Acute Achilles Tendon Rupture
What is an Achilles tendon rupture?
The Achilles tendon is the strongest tendon in the body. It connects the calf muscle to the heel, and helps control the function of the foot during activity. Achilles tendon ruptures typically occur in middle aged athletes during strenuous activities that involves running, jumping, pivoting and change of direction. Sports that involve quick changes of direction like basketball, soccer, and tennis may put patients at risk for Achilles tendon ruptures.
What causes an Achilles tendon rupture?
The Achilles tendon is subject to 2-3 times body weight force during walking, and 7-8 times body weight force during running. During a change of direction, the calf will generate very large tensile forces in the Achilles tendon that can be responsible for creating the tendon rupture. In patients in theirs 30’s, 40’s and 50’s, age related tendon degeneration may also weaken the tendon, predisposing it to tendon rupture.
What are the symptoms of an Achilles tendon rupture?
At the time of injury, many patients experience the feeling of “being struck in the back of the ankle” only to realize that no one was around them. Patients will notice immediate pain, as well as swelling in the back of the ankle and bruising. Many patients will not be able to walk, or will walk with a marked limp.
How is an Achilles tendon rupture diagnosed?
Achilles tendon ruptures are diagnosed by medical history and thorough physical examination. Often there is a palpable defect in the Achilles tendon at the rupture site. A Thompson test will be performed. This involves placing the patient on their stomach and gently squeezing the calf. If the Achilles is intact, there will be flexion of the foot. If the Achilles is ruptured, the foot will not move when the calf is squeezed. MRI is typically not indicated for the diagnosis of an Achilles tendon rupture.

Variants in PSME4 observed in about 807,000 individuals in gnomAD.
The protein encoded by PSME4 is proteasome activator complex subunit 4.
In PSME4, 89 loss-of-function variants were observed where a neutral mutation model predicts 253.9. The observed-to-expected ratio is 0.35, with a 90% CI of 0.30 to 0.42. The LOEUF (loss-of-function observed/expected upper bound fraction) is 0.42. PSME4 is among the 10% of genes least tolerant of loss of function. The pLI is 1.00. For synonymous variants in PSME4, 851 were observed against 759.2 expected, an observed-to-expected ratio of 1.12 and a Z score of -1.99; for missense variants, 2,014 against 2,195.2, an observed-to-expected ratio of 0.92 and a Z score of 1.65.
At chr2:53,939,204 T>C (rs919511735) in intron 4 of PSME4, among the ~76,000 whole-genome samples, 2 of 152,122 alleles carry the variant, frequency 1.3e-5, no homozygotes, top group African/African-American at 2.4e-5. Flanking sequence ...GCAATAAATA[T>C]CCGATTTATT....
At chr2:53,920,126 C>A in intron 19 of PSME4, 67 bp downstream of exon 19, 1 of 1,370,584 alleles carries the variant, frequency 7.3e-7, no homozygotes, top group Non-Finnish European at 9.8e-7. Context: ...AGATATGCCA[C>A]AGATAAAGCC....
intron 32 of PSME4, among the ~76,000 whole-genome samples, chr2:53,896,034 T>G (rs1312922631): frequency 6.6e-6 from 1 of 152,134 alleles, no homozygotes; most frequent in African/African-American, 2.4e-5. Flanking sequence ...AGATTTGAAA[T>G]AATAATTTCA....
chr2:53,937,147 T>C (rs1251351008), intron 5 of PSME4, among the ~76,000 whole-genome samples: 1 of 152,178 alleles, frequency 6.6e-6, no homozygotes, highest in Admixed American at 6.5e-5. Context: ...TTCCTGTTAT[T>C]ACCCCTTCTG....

How is an Achilles tendon rupture treated?
Achilles tendon ruptures can be treated very successfully with both operative and non-operative treatment.
Nonsurgical treatment of an Achilles tendon rupture entails wearing a splint and special brace to allow the tendon to heal at its normal tension. Physical therapy is recommended to help improve strength and range of motion. Non-operative treatment is preferable in patients with vascular disease, diabetes and smokers in order to avoid possible surgical complications such as wound healing problems and infections.
Surgical treatment involves suturing the torn tendon ends together. Surgery is associated with a faster recovery and lower tendon re-rupture rate, and for this reason is often recommended in younger and more active patients.